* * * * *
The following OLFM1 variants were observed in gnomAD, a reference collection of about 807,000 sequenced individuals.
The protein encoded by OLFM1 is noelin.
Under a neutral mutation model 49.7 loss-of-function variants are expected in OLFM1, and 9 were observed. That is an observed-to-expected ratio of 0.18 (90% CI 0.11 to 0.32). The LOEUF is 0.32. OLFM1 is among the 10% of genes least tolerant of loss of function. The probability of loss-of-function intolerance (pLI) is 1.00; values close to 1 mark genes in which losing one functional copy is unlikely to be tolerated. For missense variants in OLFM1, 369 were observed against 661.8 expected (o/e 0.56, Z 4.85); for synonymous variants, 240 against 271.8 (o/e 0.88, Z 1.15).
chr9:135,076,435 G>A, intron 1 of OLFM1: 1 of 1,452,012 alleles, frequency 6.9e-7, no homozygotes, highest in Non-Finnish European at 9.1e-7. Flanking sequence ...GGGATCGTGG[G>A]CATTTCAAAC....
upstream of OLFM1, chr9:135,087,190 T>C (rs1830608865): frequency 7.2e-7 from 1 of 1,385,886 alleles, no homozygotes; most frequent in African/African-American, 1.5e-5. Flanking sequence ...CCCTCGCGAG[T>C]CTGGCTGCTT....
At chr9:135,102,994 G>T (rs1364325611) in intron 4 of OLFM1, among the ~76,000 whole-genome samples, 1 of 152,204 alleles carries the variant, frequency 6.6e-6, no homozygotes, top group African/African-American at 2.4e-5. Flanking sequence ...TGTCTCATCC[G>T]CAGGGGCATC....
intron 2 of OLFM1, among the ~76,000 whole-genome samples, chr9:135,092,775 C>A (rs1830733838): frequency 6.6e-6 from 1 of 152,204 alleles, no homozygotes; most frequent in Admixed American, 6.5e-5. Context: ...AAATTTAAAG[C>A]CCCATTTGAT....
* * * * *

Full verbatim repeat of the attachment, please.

The following OLFM1 variants were observed in gnomAD, a reference collection of about 807,000 sequenced individuals.
The protein encoded by OLFM1 is noelin.
Under a neutral mutation model 49.7 loss-of-function variants are expected in OLFM1, and 9 were observed. That is an observed-to-expected ratio of 0.18 (90% CI 0.11 to 0.32). The LOEUF is 0.32. OLFM1 is among the 10% of genes least tolerant of loss of function. The probability of loss-of-function intolerance (pLI) is 1.00; values close to 1 mark genes in which losing one functional copy is unlikely to be tolerated. For missense variants in OLFM1, 369 were observed against 661.8 expected (o/e 0.56, Z 4.85); for synonymous variants, 240 against 271.8 (o/e 0.88, Z 1.15).
chr9:135,076,435 G>A, intron 1 of OLFM1: 1 of 1,452,012 alleles, frequency 6.9e-7, no homozygotes, highest in Non-Finnish European at 9.1e-7. Flanking sequence ...GGGATCGTGG[G>A]CATTTCAAAC....
upstream of OLFM1, chr9:135,087,190 T>C (rs1830608865): frequency 7.2e-7 from 1 of 1,385,886 alleles, no homozygotes; most frequent in African/African-American, 1.5e-5. Flanking sequence ...CCCTCGCGAG[T>C]CTGGCTGCTT....
At chr9:135,102,994 G>T (rs1364325611) in intron 4 of OLFM1, among the ~76,000 whole-genome samples, 1 of 152,204 alleles carries the variant, frequency 6.6e-6, no homozygotes, top group African/African-American at 2.4e-5. Flanking sequence ...TGTCTCATCC[G>T]CAGGGGCATC....
intron 2 of OLFM1, among the ~76,000 whole-genome samples, chr9:135,092,775 C>A (rs1830733838): frequency 6.6e-6 from 1 of 152,204 alleles, no homozygotes; most frequent in Admixed American, 6.5e-5. Context: ...AAATTTAAAG[C>A]CCCATTTGAT....